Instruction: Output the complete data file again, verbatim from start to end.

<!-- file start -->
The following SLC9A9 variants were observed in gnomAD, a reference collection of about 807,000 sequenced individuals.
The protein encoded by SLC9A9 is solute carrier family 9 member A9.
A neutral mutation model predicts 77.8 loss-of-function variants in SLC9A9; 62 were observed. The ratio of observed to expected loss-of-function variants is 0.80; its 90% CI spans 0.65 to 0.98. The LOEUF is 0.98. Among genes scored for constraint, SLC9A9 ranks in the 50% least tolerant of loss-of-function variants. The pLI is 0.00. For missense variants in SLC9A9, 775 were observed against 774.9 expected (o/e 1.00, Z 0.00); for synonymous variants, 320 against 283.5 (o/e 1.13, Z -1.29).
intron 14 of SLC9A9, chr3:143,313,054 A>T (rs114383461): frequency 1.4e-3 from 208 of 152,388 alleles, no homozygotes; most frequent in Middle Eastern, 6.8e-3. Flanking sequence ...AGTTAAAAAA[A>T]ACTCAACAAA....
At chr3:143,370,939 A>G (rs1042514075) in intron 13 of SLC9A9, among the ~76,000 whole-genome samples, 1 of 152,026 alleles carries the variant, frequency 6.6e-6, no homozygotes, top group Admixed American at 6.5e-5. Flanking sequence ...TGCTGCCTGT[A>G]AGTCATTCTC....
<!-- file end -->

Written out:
The following SLC9A9 variants were observed in gnomAD, a reference collection of about 807,000 sequenced individuals.
The protein encoded by SLC9A9 is solute carrier family 9 member A9.
A neutral mutation model predicts 77.8 loss-of-function variants in SLC9A9; 62 were observed. The ratio of observed to expected loss-of-function variants is 0.80; its 90% CI spans 0.65 to 0.98. The LOEUF is 0.98. Among genes scored for constraint, SLC9A9 ranks in the 50% least tolerant of loss-of-function variants. The pLI is 0.00. For missense variants in SLC9A9, 775 were observed against 774.9 expected (o/e 1.00, Z 0.00); for synonymous variants, 320 against 283.5 (o/e 1.13, Z -1.29).
intron 14 of SLC9A9, chr3:143,313,054 A>T (rs114383461): frequency 1.4e-3 from 208 of 152,388 alleles, no homozygotes; most frequent in Middle Eastern, 6.8e-3. Flanking sequence ...AGTTAAAAAA[A>T]ACTCAACAAA....
At chr3:143,370,939 A>G (rs1042514075) in intron 13 of SLC9A9, among the ~76,000 whole-genome samples, 1 of 152,026 alleles carries the variant, frequency 6.6e-6, no homozygotes, top group Admixed American at 6.5e-5. Flanking sequence ...TGCTGCCTGT[A>G]AGTCATTCTC....